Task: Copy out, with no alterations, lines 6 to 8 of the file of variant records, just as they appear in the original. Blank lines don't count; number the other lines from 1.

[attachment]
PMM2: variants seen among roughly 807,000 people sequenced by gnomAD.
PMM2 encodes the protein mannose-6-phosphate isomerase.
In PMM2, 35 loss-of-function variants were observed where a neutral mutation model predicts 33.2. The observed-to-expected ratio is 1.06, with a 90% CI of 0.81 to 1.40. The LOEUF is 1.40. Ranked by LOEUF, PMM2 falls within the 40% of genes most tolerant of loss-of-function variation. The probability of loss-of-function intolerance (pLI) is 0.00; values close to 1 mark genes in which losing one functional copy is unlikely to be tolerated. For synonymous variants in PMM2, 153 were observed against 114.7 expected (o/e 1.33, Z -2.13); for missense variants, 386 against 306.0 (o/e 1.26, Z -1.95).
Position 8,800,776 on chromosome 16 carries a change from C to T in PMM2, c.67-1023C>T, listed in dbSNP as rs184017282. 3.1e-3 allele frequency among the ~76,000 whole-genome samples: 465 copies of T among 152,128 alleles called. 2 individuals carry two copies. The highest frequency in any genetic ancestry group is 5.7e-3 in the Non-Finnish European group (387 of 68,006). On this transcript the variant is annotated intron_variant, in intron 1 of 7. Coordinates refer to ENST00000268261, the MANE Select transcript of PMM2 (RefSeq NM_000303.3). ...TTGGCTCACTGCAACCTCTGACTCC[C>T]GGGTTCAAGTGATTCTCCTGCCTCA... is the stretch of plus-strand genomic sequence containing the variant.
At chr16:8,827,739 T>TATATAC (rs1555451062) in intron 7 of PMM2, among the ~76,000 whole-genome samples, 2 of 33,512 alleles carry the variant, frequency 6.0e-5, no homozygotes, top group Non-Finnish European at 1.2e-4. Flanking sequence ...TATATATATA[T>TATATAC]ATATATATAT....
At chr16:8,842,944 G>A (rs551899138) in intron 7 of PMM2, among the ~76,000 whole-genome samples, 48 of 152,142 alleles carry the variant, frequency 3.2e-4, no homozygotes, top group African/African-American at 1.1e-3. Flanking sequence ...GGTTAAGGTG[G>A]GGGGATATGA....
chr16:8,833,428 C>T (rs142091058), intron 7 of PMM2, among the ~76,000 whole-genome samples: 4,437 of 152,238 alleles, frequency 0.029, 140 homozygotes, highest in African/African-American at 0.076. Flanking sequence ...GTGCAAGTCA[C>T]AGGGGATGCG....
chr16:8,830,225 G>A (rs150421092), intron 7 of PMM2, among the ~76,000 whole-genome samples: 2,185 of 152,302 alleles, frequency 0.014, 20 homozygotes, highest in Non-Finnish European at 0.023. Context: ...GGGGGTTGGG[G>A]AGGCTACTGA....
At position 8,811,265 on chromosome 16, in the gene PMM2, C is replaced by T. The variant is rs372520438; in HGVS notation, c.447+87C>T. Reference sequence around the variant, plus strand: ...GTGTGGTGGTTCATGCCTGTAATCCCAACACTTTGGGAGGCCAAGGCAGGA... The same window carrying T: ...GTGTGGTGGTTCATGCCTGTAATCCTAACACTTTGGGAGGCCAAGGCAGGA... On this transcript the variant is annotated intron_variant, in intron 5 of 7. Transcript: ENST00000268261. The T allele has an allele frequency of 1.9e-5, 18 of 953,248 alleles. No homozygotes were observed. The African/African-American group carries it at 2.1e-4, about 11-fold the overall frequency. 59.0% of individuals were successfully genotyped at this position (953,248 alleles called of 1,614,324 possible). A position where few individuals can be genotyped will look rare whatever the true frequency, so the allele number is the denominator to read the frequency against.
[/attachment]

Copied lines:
At chr16:8,842,944 G>A (rs551899138) in intron 7 of PMM2, among the ~76,000 whole-genome samples, 48 of 152,142 alleles carry the variant, frequency 3.2e-4, no homozygotes, top group African/African-American at 1.1e-3. Flanking sequence ...GGTTAAGGTG[G>A]GGGGATATGA....
chr16:8,833,428 C>T (rs142091058), intron 7 of PMM2, among the ~76,000 whole-genome samples: 4,437 of 152,238 alleles, frequency 0.029, 140 homozygotes, highest in African/African-American at 0.076. Flanking sequence ...GTGCAAGTCA[C>T]AGGGGATGCG....
chr16:8,830,225 G>A (rs150421092), intron 7 of PMM2, among the ~76,000 whole-genome samples: 2,185 of 152,302 alleles, frequency 0.014, 20 homozygotes, highest in Non-Finnish European at 0.023. Context: ...GGGGGTTGGG[G>A]AGGCTACTGA....